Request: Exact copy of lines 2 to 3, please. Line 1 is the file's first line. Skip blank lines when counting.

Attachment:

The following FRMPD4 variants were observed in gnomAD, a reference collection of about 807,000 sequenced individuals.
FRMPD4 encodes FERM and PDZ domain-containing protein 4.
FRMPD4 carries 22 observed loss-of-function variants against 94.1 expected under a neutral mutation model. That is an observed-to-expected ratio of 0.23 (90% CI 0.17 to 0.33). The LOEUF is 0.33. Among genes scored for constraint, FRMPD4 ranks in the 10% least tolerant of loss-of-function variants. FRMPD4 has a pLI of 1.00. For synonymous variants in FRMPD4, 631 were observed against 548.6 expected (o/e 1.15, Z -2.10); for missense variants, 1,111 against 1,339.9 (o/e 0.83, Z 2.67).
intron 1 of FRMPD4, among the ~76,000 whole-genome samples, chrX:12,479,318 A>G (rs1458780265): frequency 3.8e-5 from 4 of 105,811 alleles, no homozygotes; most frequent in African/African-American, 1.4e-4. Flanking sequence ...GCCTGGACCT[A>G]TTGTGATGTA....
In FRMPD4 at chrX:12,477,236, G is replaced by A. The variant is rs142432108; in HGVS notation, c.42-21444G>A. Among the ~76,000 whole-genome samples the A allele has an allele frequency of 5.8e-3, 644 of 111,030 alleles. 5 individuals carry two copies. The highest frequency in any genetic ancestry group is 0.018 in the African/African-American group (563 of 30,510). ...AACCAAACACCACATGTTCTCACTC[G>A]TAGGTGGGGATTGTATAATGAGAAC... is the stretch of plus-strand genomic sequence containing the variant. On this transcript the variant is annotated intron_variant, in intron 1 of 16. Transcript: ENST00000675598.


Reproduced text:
FRMPD4 encodes FERM and PDZ domain-containing protein 4.
FRMPD4 carries 22 observed loss-of-function variants against 94.1 expected under a neutral mutation model. That is an observed-to-expected ratio of 0.23 (90% CI 0.17 to 0.33). The LOEUF is 0.33. Among genes scored for constraint, FRMPD4 ranks in the 10% least tolerant of loss-of-function variants. FRMPD4 has a pLI of 1.00. For synonymous variants in FRMPD4, 631 were observed against 548.6 expected (o/e 1.15, Z -2.10); for missense variants, 1,111 against 1,339.9 (o/e 0.83, Z 2.67).